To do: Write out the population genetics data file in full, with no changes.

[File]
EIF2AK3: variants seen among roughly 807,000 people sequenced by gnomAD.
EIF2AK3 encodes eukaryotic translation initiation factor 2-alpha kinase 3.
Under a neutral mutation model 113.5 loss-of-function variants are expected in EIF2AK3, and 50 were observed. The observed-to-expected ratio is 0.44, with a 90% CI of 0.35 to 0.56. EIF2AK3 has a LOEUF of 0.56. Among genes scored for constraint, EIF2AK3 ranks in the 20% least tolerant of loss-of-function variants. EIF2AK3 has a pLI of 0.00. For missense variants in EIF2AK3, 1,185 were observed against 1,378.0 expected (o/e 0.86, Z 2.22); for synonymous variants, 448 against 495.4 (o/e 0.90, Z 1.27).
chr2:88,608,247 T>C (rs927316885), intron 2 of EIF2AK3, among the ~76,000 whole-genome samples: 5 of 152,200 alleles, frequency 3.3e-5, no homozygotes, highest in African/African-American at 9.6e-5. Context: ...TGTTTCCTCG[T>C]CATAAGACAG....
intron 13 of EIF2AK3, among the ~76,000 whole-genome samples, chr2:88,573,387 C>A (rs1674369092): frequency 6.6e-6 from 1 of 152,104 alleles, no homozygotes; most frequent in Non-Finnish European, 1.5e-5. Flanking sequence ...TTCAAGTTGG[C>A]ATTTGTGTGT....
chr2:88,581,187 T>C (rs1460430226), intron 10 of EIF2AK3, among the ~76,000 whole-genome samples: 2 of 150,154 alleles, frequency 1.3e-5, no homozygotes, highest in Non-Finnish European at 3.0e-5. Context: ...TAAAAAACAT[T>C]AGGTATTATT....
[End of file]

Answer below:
EIF2AK3: variants seen among roughly 807,000 people sequenced by gnomAD.
EIF2AK3 encodes eukaryotic translation initiation factor 2-alpha kinase 3.
Under a neutral mutation model 113.5 loss-of-function variants are expected in EIF2AK3, and 50 were observed. The observed-to-expected ratio is 0.44, with a 90% CI of 0.35 to 0.56. EIF2AK3 has a LOEUF of 0.56. Among genes scored for constraint, EIF2AK3 ranks in the 20% least tolerant of loss-of-function variants. EIF2AK3 has a pLI of 0.00. For missense variants in EIF2AK3, 1,185 were observed against 1,378.0 expected (o/e 0.86, Z 2.22); for synonymous variants, 448 against 495.4 (o/e 0.90, Z 1.27).
chr2:88,608,247 T>C (rs927316885), intron 2 of EIF2AK3, among the ~76,000 whole-genome samples: 5 of 152,200 alleles, frequency 3.3e-5, no homozygotes, highest in African/African-American at 9.6e-5. Context: ...TGTTTCCTCG[T>C]CATAAGACAG....
intron 13 of EIF2AK3, among the ~76,000 whole-genome samples, chr2:88,573,387 C>A (rs1674369092): frequency 6.6e-6 from 1 of 152,104 alleles, no homozygotes; most frequent in Non-Finnish European, 1.5e-5. Flanking sequence ...TTCAAGTTGG[C>A]ATTTGTGTGT....
chr2:88,581,187 T>C (rs1460430226), intron 10 of EIF2AK3, among the ~76,000 whole-genome samples: 2 of 150,154 alleles, frequency 1.3e-5, no homozygotes, highest in Non-Finnish European at 3.0e-5. Context: ...TAAAAAACAT[T>C]AGGTATTATT....